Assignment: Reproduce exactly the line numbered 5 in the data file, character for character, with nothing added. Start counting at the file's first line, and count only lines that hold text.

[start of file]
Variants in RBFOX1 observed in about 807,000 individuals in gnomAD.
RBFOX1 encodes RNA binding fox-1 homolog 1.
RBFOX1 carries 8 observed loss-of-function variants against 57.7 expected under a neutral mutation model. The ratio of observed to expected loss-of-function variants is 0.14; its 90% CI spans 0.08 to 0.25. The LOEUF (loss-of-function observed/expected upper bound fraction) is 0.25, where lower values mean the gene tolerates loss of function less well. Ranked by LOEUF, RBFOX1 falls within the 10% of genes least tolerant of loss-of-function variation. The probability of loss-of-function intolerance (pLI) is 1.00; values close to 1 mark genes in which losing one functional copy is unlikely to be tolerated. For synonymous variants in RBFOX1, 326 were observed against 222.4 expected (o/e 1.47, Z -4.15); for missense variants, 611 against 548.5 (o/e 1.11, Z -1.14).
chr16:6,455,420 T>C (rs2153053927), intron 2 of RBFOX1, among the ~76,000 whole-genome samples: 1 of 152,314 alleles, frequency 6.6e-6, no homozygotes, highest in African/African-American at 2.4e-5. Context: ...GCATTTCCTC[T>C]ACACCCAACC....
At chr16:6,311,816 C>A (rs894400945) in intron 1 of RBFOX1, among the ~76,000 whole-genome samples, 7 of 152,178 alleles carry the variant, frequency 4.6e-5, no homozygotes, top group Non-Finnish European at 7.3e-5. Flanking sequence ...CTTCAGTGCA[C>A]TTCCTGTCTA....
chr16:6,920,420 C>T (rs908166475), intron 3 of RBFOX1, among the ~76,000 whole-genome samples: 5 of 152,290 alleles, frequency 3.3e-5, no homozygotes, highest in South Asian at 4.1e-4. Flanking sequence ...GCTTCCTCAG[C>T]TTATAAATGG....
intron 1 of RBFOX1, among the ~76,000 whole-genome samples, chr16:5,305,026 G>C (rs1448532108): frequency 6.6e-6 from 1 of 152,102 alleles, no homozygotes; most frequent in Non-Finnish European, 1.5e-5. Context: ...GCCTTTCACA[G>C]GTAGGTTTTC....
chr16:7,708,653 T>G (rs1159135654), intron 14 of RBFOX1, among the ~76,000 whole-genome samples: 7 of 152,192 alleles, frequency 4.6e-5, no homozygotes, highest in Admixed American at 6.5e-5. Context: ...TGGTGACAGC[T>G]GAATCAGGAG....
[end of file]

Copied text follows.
At chr16:6,311,816 C>A (rs894400945) in intron 1 of RBFOX1, among the ~76,000 whole-genome samples, 7 of 152,178 alleles carry the variant, frequency 4.6e-5, no homozygotes, top group Non-Finnish European at 7.3e-5. Flanking sequence ...CTTCAGTGCA[C>A]TTCCTGTCTA....